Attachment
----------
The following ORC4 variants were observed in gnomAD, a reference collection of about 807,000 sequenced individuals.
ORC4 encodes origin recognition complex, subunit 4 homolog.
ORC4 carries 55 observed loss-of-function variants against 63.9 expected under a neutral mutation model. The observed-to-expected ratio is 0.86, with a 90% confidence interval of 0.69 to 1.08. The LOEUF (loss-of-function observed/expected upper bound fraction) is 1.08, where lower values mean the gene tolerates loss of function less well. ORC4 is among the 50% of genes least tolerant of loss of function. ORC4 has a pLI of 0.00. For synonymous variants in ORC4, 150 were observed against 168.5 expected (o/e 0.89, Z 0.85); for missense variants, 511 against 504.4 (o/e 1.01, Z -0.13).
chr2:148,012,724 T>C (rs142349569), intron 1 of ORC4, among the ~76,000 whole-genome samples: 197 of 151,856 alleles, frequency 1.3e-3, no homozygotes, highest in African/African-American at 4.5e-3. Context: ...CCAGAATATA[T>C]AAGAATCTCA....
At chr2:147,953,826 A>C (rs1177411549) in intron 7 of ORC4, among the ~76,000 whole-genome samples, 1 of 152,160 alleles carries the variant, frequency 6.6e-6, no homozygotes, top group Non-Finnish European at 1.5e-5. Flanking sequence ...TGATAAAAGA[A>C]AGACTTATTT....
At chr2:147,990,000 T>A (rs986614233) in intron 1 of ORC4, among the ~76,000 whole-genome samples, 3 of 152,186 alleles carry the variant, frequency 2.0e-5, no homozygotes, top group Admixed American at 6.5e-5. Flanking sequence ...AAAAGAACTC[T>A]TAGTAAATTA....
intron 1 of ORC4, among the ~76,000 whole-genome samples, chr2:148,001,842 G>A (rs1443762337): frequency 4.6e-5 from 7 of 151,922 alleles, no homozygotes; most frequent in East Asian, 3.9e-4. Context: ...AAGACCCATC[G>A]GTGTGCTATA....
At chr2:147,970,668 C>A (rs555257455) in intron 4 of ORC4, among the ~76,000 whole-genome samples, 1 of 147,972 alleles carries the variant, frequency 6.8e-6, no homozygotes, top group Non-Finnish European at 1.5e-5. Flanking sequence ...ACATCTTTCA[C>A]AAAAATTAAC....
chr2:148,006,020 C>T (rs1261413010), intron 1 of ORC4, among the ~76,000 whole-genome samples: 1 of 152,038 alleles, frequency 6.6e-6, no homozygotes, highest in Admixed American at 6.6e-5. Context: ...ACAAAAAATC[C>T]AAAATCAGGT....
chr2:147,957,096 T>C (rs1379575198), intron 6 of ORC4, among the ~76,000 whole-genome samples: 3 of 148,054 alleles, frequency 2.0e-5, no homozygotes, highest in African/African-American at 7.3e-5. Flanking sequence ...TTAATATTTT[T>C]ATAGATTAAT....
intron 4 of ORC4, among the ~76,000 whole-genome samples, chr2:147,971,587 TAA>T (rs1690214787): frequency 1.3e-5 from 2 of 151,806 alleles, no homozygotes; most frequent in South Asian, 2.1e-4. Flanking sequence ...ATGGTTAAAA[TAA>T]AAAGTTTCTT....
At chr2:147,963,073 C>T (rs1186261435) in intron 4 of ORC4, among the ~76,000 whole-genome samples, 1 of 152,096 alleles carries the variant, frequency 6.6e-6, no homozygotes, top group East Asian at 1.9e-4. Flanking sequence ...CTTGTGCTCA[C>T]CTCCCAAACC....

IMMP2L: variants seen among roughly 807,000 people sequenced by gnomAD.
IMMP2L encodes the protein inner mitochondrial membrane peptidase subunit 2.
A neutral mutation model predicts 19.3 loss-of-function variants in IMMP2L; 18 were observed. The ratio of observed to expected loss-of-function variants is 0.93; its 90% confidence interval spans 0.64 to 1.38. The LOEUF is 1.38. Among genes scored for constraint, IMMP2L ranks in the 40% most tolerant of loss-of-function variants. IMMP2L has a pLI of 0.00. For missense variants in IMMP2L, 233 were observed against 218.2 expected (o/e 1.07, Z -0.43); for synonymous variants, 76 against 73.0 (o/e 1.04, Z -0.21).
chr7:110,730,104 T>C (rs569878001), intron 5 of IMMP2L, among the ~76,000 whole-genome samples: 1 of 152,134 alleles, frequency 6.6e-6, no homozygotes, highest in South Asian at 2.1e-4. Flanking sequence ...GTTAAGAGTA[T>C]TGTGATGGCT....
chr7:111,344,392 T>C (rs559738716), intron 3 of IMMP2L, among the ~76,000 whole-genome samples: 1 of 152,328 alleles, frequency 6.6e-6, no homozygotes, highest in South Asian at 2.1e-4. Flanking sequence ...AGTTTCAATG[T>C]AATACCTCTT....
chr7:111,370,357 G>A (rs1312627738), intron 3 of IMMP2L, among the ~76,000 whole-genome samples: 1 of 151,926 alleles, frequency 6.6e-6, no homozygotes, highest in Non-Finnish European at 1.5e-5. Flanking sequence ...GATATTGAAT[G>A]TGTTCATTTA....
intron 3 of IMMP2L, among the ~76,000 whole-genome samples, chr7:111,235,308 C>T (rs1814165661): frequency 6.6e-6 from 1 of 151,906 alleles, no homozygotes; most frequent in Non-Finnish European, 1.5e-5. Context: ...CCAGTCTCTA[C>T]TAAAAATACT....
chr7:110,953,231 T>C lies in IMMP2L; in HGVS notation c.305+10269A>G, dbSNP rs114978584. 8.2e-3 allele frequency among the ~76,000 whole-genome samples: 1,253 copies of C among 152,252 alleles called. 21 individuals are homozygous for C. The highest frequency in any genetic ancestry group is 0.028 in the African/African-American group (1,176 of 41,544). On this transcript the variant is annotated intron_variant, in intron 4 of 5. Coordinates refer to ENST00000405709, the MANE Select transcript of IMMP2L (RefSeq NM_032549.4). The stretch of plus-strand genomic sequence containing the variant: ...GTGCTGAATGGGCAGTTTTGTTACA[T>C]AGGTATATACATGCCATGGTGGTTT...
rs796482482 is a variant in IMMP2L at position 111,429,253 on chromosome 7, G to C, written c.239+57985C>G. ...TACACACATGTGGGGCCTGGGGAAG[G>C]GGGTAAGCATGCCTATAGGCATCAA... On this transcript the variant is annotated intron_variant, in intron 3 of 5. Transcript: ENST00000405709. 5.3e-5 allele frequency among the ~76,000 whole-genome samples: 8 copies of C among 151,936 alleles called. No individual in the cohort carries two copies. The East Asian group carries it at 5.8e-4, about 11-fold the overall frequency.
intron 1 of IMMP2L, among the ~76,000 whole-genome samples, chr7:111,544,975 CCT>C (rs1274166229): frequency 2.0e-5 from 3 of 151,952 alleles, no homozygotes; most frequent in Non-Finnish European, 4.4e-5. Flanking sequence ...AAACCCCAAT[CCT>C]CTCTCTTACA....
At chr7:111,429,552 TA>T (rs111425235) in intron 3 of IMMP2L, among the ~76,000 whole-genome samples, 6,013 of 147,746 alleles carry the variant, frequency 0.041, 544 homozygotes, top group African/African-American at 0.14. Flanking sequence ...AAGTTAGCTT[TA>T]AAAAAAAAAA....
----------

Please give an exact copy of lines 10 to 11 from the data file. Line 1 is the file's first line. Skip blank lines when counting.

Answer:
chr2:147,957,096 T>C (rs1379575198), intron 6 of ORC4, among the ~76,000 whole-genome samples: 3 of 148,054 alleles, frequency 2.0e-5, no homozygotes, highest in African/African-American at 7.3e-5. Flanking sequence ...TTAATATTTT[T>C]ATAGATTAAT....
intron 4 of ORC4, among the ~76,000 whole-genome samples, chr2:147,971,587 TAA>T (rs1690214787): frequency 1.3e-5 from 2 of 151,806 alleles, no homozygotes; most frequent in South Asian, 2.1e-4. Flanking sequence ...ATGGTTAAAA[TAA>T]AAAGTTTCTT....